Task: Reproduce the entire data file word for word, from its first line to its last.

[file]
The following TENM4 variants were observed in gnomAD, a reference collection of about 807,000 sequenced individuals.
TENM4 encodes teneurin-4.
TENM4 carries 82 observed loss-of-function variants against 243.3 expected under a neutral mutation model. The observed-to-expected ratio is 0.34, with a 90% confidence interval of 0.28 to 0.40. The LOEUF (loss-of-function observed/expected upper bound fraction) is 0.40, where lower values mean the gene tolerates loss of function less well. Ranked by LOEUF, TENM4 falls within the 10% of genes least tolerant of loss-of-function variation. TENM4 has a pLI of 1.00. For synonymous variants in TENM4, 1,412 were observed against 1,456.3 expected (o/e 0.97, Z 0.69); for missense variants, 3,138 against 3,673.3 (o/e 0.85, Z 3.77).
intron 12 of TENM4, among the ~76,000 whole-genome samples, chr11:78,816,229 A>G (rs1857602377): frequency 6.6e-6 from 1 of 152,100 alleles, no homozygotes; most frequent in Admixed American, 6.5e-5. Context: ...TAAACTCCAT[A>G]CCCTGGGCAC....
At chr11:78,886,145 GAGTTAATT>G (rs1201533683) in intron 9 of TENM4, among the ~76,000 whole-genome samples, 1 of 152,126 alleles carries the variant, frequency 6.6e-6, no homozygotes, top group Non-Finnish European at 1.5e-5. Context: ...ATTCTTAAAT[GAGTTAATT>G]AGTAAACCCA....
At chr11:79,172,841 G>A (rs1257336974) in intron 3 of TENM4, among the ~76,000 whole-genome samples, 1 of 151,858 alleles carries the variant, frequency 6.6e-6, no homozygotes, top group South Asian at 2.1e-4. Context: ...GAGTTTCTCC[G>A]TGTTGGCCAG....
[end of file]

The following TENM4 variants were observed in gnomAD, a reference collection of about 807,000 sequenced individuals.
TENM4 encodes teneurin-4.
TENM4 carries 82 observed loss-of-function variants against 243.3 expected under a neutral mutation model. The observed-to-expected ratio is 0.34, with a 90% confidence interval of 0.28 to 0.40. The LOEUF (loss-of-function observed/expected upper bound fraction) is 0.40, where lower values mean the gene tolerates loss of function less well. Ranked by LOEUF, TENM4 falls within the 10% of genes least tolerant of loss-of-function variation. TENM4 has a pLI of 1.00. For synonymous variants in TENM4, 1,412 were observed against 1,456.3 expected (o/e 0.97, Z 0.69); for missense variants, 3,138 against 3,673.3 (o/e 0.85, Z 3.77).
intron 12 of TENM4, among the ~76,000 whole-genome samples, chr11:78,816,229 A>G (rs1857602377): frequency 6.6e-6 from 1 of 152,100 alleles, no homozygotes; most frequent in Admixed American, 6.5e-5. Context: ...TAAACTCCAT[A>G]CCCTGGGCAC....
At chr11:78,886,145 GAGTTAATT>G (rs1201533683) in intron 9 of TENM4, among the ~76,000 whole-genome samples, 1 of 152,126 alleles carries the variant, frequency 6.6e-6, no homozygotes, top group Non-Finnish European at 1.5e-5. Context: ...ATTCTTAAAT[GAGTTAATT>G]AGTAAACCCA....
At chr11:79,172,841 G>A (rs1257336974) in intron 3 of TENM4, among the ~76,000 whole-genome samples, 1 of 151,858 alleles carries the variant, frequency 6.6e-6, no homozygotes, top group South Asian at 2.1e-4. Context: ...GAGTTTCTCC[G>A]TGTTGGCCAG....